This is our Spirit Week 2007 gig. We rocked the house!
Voted best math teacher band in downtown San Jose!
Check out my singing debut in the second clip (get ready to turn down the volume...)
Math Game Monday: Four Corners
2 days ago
The purpose of this blog is to help generate and share ideas for teaching high school math concepts to students whose skills are below grade level.
This is our Spirit Week 2007 gig. We rocked the house!
Voted best math teacher band in downtown San Jose!
Check out my singing debut in the second clip (get ready to turn down the volume...)
Labels: fun, numeracy project
Here is a direct link in case the widget is giving you problems.
Here is a direct link in case the widget is giving you problems.
8 comments:
Way cool. Got to love the kids loving the bad algebra jokes.
Do you know the original, before the Animals? I didn't, and was a little surprised by the subject... 1960 Joan Baez version
Jonathan
Thanks for posting that link. It's really a beautiful version.
Dan,
Can you post the actual slides, or the words? It's is really hard for me to understand -- you know, being a foreigner and all. And it doesn't help that I yelled myself into mild deafness. Thanks.
Btw, it was awesome to see the enthusiasm on their part :)
Sure...
"y = mx + b" (Sung to Semisonic's "Singing In My Sleep")
Verse:
You don't call me on the phone
Rather leave me all alone, so
You can stay home and read your notes, on Algebra
Reading up on lines and curves
Yes you're getting on my nerves
All you talk about day and night is
Rise over run, you're
Really boring, you
know it's true, the
y-intercept is just
not that cool
Chorus:
I can hear you
sing it to me in my
sleep
I can hear it, y = mx + b
Verse:
Horizontal and vertical lines
That you've drawn a hundred times
Making me want to pencil them all over your face
Yes I know that you're so adept
Calculating the intercept
You must come from Planet Math, in outer space, the
difference in the
x's and y's
it makes the slope, you've said a
million times
Break
Chorus
Slope-intercept
You don't have to shout, I
Hear it once more, I'll smack you
In the mouth
Chorus
I love my line...
Slope is Rise Over Run (sung to House of the Rising Sun, by The Animals)
There is a ratio in my math class,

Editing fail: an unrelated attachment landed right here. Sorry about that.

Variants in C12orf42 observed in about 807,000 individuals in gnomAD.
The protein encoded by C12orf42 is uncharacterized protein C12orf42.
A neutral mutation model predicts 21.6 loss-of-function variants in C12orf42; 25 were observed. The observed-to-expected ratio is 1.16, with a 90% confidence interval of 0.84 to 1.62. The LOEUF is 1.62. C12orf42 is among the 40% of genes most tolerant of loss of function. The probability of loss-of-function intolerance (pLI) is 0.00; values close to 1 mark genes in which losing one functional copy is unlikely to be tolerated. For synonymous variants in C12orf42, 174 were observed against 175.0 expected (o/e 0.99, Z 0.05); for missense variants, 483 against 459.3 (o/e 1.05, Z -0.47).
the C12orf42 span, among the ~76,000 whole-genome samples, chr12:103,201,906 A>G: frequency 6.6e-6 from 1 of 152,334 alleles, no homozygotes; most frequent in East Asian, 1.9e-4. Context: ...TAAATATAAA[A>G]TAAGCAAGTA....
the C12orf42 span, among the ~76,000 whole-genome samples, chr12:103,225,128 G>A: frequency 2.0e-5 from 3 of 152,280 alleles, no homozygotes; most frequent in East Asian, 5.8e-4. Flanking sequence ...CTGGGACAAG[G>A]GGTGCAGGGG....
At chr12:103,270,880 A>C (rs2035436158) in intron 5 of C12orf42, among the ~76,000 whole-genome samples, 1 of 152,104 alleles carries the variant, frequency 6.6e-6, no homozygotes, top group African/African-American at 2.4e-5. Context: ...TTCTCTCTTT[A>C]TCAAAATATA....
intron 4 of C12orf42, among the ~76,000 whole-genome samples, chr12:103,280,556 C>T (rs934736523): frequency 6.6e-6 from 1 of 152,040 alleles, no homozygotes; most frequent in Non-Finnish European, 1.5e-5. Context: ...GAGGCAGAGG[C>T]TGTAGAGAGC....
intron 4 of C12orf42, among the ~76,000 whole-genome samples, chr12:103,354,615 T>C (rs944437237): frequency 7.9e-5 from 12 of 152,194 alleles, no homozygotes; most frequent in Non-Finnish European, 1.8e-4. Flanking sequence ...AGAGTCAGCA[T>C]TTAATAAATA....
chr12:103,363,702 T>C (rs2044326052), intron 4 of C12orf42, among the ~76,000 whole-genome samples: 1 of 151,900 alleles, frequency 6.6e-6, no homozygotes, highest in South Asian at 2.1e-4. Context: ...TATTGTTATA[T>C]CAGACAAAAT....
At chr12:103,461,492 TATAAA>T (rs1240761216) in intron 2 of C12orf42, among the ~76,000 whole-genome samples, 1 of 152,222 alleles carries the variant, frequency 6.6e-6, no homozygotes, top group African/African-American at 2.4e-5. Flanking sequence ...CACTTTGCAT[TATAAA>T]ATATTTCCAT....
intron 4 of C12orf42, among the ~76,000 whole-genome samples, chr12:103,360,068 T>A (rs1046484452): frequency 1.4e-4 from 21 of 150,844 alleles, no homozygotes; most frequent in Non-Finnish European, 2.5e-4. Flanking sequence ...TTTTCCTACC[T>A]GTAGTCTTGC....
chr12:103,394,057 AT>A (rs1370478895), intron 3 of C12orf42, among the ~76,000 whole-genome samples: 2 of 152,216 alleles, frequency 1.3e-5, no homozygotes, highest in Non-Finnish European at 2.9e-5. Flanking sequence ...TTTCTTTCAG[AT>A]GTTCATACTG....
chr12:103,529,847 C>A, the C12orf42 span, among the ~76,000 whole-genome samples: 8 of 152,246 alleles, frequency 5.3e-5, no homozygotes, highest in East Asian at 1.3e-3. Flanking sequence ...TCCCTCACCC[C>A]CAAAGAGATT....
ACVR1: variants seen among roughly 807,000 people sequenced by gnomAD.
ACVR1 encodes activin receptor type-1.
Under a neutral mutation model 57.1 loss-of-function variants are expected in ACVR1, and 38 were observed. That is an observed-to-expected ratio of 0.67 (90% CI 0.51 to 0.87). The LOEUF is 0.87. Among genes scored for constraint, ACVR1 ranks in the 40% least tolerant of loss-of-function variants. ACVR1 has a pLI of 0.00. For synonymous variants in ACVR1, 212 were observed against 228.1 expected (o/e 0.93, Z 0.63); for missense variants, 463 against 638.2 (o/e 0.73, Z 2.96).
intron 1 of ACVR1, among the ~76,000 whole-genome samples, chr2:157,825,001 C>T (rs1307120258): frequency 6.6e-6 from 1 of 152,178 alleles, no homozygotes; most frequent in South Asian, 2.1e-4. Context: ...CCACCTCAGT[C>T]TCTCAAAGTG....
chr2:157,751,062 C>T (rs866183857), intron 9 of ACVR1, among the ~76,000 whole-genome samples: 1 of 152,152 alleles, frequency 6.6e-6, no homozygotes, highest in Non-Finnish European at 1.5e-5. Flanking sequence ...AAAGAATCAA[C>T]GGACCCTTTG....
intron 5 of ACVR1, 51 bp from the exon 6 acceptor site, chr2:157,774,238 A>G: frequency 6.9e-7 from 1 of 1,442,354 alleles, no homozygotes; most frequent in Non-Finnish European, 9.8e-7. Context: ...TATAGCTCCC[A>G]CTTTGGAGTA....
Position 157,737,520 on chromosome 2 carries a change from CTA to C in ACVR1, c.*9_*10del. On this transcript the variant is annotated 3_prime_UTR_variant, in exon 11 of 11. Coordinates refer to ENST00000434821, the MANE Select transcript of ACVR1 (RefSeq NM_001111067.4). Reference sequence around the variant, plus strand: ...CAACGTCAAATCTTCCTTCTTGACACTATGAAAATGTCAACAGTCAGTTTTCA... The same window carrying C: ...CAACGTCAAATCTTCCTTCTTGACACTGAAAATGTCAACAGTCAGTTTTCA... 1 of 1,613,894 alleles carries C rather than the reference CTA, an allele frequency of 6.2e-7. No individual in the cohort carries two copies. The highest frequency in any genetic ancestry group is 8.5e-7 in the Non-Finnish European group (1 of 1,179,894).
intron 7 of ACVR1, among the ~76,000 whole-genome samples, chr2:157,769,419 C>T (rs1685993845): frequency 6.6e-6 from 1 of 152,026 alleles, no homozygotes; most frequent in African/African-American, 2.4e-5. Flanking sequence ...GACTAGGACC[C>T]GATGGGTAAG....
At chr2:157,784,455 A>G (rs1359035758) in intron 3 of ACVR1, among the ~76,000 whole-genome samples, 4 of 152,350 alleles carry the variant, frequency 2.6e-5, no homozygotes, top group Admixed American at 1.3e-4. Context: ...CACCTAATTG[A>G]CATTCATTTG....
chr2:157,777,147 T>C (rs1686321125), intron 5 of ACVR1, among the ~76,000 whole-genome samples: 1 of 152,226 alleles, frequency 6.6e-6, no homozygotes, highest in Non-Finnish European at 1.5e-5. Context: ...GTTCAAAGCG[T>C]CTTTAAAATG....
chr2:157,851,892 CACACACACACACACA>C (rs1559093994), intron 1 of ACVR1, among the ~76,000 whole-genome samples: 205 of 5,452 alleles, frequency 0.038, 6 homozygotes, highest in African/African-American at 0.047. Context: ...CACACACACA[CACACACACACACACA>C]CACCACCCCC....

(they call it Algebra 1),
and it’s been the ruin of many a freshman.
For reals, it’s hella not fun!
My mind is always wandering,
the hare and tortoise run.
The teacher points, and then declares,
slope is rise over run.
The change in Y, the change in X,
the stupid race is won.
And the only answer that’s required is
slope is rise over run.
Organ Solo
Oh seniors, help the freshmen
not to do what I have done.
I wasted my time in office hours,
pretending to get homework done.
Well, I open up my textbook,
I wipe away the drool.
I’m ready to do whatever it takes
to not go to summer school.
There is a ratio in my math class,
(they call it Algebra 1).
Though it’s been the ruin of many a freshman,
now, I’m no longer one.
Sweet Home Alameda (Sung to Sweet Home Alabama)
I don't have the lyrics to this one, as we change them all the time. But the chorus is always the same (our school is on a street called The Alameda):
Sweet home Alameda
Where the homework's always due
Sweet home Alameda
You can't wear no red or blue
Hi Dan,
I wanted to post a general "Thank you" for your blog. I've read your entire blog from June 2006, and I've learned a lot, so I picked your blog as one of only four to put on the blogroll of my blog about being a new math teacher: http://sinesoflearning.blogspot.com/
I also wanted to ask you about your new notetaking format. I'm also typing up an outline I want to use, in the form of a "dictionary" that we'll fill in together as we go along. Can you explain what you put in the third column of your format, under background? It would help so much.
Thanks again for blogging!
Thanks, Ms. Libb. Good luck with the new job. Feel free to email me whenever you have questions, and I look forward to reading your posts.
About the note-taking format, the background column is the place for scaffolding of key concepts. For example, if I was teaching a lesson on multiplying and dividing rational monomial expressions, I might determine that my students should review multiplying/dividing basic fractions, and simplifying expressions with exponents. The background column would be the place to write down that sort of material. It could also be used for some sort of background understanding that is not explicitly review material... for example, maybe a historical or linguistic fact, maybe a connection to a real application, etc.
Dan, you have the best blog...
Hadas
Dan, your half brother sounds like he is way above average and has an exceptional talent for math.
Glad you liked the vegan cake.
Saw the movies, but the sound did not work. Will try to find them on You Tube.
Enjoy your summer!
Hadas
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